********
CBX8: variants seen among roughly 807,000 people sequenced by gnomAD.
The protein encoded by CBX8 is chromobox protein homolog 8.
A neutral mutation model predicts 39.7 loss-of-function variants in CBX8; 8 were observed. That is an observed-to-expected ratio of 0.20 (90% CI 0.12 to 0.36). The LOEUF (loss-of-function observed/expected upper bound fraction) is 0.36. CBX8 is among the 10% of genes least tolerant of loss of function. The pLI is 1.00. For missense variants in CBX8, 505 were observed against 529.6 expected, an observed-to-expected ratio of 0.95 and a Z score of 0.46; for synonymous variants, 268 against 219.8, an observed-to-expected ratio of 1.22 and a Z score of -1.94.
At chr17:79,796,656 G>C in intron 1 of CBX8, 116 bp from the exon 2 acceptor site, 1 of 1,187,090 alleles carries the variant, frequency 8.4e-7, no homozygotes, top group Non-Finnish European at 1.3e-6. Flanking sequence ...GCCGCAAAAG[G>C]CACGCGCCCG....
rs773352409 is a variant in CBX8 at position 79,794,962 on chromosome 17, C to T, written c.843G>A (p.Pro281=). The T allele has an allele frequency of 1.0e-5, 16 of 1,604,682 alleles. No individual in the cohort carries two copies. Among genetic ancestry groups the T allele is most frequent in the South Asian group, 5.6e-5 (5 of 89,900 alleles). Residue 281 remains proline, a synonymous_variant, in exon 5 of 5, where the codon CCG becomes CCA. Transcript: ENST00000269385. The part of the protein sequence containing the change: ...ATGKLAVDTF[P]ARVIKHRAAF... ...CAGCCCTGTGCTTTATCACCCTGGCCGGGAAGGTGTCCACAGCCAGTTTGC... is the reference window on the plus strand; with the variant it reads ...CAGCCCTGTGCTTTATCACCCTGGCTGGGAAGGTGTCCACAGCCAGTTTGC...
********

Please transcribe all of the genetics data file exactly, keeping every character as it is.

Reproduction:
CBX8: variants seen among roughly 807,000 people sequenced by gnomAD.
The protein encoded by CBX8 is chromobox protein homolog 8.
A neutral mutation model predicts 39.7 loss-of-function variants in CBX8; 8 were observed. That is an observed-to-expected ratio of 0.20 (90% CI 0.12 to 0.36). The LOEUF (loss-of-function observed/expected upper bound fraction) is 0.36. CBX8 is among the 10% of genes least tolerant of loss of function. The pLI is 1.00. For missense variants in CBX8, 505 were observed against 529.6 expected, an observed-to-expected ratio of 0.95 and a Z score of 0.46; for synonymous variants, 268 against 219.8, an observed-to-expected ratio of 1.22 and a Z score of -1.94.
At chr17:79,796,656 G>C in intron 1 of CBX8, 116 bp from the exon 2 acceptor site, 1 of 1,187,090 alleles carries the variant, frequency 8.4e-7, no homozygotes, top group Non-Finnish European at 1.3e-6. Flanking sequence ...GCCGCAAAAG[G>C]CACGCGCCCG....
rs773352409 is a variant in CBX8 at position 79,794,962 on chromosome 17, C to T, written c.843G>A (p.Pro281=). The T allele has an allele frequency of 1.0e-5, 16 of 1,604,682 alleles. No individual in the cohort carries two copies. Among genetic ancestry groups the T allele is most frequent in the South Asian group, 5.6e-5 (5 of 89,900 alleles). Residue 281 remains proline, a synonymous_variant, in exon 5 of 5, where the codon CCG becomes CCA. Transcript: ENST00000269385. The part of the protein sequence containing the change: ...ATGKLAVDTF[P]ARVIKHRAAF... ...CAGCCCTGTGCTTTATCACCCTGGCCGGGAAGGTGTCCACAGCCAGTTTGC... is the reference window on the plus strand; with the variant it reads ...CAGCCCTGTGCTTTATCACCCTGGCTGGGAAGGTGTCCACAGCCAGTTTGC...